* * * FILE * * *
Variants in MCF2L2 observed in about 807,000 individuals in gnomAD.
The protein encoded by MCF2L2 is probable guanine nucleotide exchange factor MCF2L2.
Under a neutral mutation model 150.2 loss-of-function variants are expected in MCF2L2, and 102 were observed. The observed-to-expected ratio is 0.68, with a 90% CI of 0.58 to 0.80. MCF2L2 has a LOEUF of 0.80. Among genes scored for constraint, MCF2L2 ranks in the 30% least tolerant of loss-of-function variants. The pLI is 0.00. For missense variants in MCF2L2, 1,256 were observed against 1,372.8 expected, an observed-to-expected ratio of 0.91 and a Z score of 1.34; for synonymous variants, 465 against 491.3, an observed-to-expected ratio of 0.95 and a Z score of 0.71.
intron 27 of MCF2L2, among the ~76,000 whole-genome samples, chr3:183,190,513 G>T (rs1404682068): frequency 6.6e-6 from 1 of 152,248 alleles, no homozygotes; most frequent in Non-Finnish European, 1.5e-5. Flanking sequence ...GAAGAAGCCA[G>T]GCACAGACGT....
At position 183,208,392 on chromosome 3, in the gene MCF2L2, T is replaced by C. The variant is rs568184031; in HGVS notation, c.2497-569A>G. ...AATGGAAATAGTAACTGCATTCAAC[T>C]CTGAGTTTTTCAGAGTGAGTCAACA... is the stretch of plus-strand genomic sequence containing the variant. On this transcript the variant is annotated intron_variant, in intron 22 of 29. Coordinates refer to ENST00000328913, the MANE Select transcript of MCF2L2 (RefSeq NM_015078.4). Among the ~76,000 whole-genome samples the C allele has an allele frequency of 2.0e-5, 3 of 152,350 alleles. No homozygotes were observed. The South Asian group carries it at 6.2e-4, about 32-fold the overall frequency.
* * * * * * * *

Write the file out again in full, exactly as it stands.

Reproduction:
Variants in MCF2L2 observed in about 807,000 individuals in gnomAD.
The protein encoded by MCF2L2 is probable guanine nucleotide exchange factor MCF2L2.
Under a neutral mutation model 150.2 loss-of-function variants are expected in MCF2L2, and 102 were observed. The observed-to-expected ratio is 0.68, with a 90% CI of 0.58 to 0.80. MCF2L2 has a LOEUF of 0.80. Among genes scored for constraint, MCF2L2 ranks in the 30% least tolerant of loss-of-function variants. The pLI is 0.00. For missense variants in MCF2L2, 1,256 were observed against 1,372.8 expected, an observed-to-expected ratio of 0.91 and a Z score of 1.34; for synonymous variants, 465 against 491.3, an observed-to-expected ratio of 0.95 and a Z score of 0.71.
intron 27 of MCF2L2, among the ~76,000 whole-genome samples, chr3:183,190,513 G>T (rs1404682068): frequency 6.6e-6 from 1 of 152,248 alleles, no homozygotes; most frequent in Non-Finnish European, 1.5e-5. Flanking sequence ...GAAGAAGCCA[G>T]GCACAGACGT....
At position 183,208,392 on chromosome 3, in the gene MCF2L2, T is replaced by C. The variant is rs568184031; in HGVS notation, c.2497-569A>G. ...AATGGAAATAGTAACTGCATTCAAC[T>C]CTGAGTTTTTCAGAGTGAGTCAACA... is the stretch of plus-strand genomic sequence containing the variant. On this transcript the variant is annotated intron_variant, in intron 22 of 29. Coordinates refer to ENST00000328913, the MANE Select transcript of MCF2L2 (RefSeq NM_015078.4). Among the ~76,000 whole-genome samples the C allele has an allele frequency of 2.0e-5, 3 of 152,350 alleles. No homozygotes were observed. The South Asian group carries it at 6.2e-4, about 32-fold the overall frequency.